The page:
Minding the Borderlands

Mark Koester (@markwkoester) on the art of travel and technology

UP Global in China: Where Are We Going in 2015?

新年快乐! 新年快樂! Happy Chinese New Year. With Chinese Spring Festival starting, it felt like a good time to where we will be going in 2015 with UP Global in China, compared with where we have beee from 2010 to 2014.

Let’s first look at my role with UP Global in China and how all this craziness got started. After we will then examine our key initiatives, programs and communities for 2015.

Prove Your Existence: UP Global in China in 2014

I was brought on as “Community Development Manager” for UP Global in China in September 2014 with the broad goals of community growth, evangelism and business development.

It all boiled down to the ability to prove: 1. if our programs fit (or could be adpated to fit in China) and 2. if initial money could be raised to reach some level of sustainability.

The short answer to both these questions is “Yes.”

Yes, our programs do fit in China. While there have been some setbacks and community challenges, I firmly believe that our UP Global programs can be adapted to flourish in China, and we’re actively working to make this more so each and every day.

Yes, we can reach sustainability in China. With the signing of our first, two China national sponsors in January 2015, we are on the way to being sustainable and self-suffient in China. Thanks to ServCorp China and QingCloud for believing in us and our vision of providing greater access to entrepreneurship in China.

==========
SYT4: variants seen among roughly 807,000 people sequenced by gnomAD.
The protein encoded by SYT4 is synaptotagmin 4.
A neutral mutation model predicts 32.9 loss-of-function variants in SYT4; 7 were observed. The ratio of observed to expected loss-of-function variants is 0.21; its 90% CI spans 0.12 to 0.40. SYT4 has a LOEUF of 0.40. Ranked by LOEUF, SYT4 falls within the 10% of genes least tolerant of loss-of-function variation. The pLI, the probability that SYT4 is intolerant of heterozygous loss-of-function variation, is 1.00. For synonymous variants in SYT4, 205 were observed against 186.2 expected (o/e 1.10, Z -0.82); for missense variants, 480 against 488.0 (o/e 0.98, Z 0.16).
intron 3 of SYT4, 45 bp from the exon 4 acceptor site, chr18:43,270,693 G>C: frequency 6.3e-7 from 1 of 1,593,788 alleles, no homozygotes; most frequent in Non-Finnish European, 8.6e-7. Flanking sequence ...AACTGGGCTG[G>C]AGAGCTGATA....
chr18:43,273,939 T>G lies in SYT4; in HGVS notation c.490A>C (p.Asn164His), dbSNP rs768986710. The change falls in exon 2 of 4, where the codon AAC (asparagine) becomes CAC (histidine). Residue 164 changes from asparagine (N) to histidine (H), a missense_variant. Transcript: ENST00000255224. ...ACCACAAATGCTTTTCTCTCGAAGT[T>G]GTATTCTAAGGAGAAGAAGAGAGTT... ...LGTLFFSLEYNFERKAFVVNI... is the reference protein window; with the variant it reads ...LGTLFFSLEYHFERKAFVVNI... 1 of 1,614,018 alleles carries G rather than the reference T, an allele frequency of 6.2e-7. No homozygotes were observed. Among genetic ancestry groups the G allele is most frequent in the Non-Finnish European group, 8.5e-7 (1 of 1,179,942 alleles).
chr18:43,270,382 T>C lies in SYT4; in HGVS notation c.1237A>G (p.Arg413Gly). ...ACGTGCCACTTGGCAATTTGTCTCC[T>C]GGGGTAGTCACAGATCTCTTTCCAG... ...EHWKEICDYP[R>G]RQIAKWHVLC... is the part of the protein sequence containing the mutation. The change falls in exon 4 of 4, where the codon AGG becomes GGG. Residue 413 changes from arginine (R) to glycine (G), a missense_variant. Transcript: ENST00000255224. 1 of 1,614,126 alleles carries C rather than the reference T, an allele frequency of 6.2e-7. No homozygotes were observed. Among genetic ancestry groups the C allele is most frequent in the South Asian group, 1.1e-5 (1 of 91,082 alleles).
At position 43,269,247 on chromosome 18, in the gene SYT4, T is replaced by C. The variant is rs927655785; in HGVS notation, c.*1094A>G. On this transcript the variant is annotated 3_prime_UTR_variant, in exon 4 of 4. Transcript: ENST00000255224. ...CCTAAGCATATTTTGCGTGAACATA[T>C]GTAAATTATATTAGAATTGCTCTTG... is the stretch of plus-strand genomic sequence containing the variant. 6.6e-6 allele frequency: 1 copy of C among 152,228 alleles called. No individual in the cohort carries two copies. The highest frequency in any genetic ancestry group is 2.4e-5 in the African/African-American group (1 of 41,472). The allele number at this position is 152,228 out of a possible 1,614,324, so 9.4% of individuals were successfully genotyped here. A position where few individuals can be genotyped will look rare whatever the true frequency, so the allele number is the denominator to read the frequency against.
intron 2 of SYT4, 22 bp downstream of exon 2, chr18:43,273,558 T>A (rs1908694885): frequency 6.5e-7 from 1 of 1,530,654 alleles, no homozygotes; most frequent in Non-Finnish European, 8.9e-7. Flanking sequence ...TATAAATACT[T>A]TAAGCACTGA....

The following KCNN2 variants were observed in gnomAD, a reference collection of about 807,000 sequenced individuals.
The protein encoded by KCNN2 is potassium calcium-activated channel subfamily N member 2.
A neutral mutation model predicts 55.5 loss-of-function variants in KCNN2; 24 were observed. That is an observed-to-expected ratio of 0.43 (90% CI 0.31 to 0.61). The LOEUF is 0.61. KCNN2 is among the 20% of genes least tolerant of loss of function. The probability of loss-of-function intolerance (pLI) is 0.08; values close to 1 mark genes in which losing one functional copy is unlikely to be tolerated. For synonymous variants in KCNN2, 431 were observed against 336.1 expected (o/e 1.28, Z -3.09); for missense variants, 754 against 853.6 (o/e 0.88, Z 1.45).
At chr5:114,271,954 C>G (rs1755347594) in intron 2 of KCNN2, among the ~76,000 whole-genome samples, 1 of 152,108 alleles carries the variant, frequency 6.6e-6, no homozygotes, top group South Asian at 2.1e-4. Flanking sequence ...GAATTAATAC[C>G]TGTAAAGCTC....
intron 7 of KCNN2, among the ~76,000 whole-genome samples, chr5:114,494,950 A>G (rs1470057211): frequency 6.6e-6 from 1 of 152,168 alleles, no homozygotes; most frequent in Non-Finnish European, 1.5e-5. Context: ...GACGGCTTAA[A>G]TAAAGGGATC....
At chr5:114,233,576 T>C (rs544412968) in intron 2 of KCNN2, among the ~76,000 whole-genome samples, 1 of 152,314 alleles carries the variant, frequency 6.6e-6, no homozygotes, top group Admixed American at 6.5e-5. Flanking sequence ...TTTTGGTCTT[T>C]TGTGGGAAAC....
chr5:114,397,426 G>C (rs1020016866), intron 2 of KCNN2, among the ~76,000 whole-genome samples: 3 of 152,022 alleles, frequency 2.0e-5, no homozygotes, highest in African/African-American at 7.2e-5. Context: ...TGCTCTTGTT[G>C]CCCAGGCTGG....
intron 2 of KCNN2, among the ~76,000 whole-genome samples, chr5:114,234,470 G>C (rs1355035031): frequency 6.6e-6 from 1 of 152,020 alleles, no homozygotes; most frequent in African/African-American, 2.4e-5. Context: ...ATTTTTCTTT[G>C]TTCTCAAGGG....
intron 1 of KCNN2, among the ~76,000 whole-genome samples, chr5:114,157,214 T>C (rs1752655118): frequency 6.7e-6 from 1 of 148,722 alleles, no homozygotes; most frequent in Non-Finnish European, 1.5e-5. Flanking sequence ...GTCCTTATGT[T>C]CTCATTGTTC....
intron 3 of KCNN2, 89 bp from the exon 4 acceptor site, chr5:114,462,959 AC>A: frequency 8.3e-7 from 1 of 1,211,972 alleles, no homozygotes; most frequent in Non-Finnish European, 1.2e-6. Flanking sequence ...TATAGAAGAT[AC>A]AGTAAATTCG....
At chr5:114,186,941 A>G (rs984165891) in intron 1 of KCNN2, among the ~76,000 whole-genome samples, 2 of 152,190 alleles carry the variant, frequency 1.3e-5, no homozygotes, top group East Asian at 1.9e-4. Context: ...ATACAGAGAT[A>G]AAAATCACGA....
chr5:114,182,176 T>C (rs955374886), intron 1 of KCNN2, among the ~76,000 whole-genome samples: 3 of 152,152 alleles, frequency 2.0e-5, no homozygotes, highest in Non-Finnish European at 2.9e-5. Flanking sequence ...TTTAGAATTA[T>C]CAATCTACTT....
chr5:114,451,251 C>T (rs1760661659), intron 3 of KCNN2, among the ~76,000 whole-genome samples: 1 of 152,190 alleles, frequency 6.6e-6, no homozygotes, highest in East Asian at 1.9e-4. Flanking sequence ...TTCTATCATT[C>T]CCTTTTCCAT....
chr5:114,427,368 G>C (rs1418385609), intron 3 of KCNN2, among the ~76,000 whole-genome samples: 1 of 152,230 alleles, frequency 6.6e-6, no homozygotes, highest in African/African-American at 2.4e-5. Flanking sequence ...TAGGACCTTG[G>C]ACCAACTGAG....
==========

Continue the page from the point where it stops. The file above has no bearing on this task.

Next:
With the basic proof for our existence in China proven, let’s turn towards specific 2015 pushes and objectives.

UP Global in Greater China: Core Programs Push

In nearly every statistical and qualitiative way, China is a big opportunity for UP Global. In fact, the same could be said for many of its neighbors like Japan, Korea and Southest Asia. All contain active entrepreneurial active and potential corporate partners.


  • China has a huge population with nearly 75% of its people of working age (aged 15-64), according to the World Bank.
  • It’s the first or second large economy in the world.
  • It’s got over 350 cities with a population over 100,000 and at least 60 some cities with a population over 1 million.
  • The Chinese are culturally very commercial and entrepreneurial.

We are opimistic about our prospects in China, and we are prepared to adapt to Chinese characteristics, culture, language, and administrative hurtles.

Startup Weekend: Expanding Geographically

Historically Startup Weekend in China has taken place China’s first and second tier cities like Beijing, Shanghai, Hong Kong, Shenzhen and Guangzhou. Some speculated that our programs might only best fit in these 5-6 main cities. But 2013 and 2014 proved these artificial limits wrong and saw an expansion to Xiamen, Chengdu and even Qingdao, all important though minor Chinese cities.

For 2015 we expect a fairly robust geographical expansion. We’ve already held a first time event in Xi’an in central China, and cities like Ningbo, Hangzhou, and Tianjin are already in the final preparations for Startup Weekends in Spring.

In 2014, we reached 9 cities, and we are scheduled to reach at least 18 cities in 2015.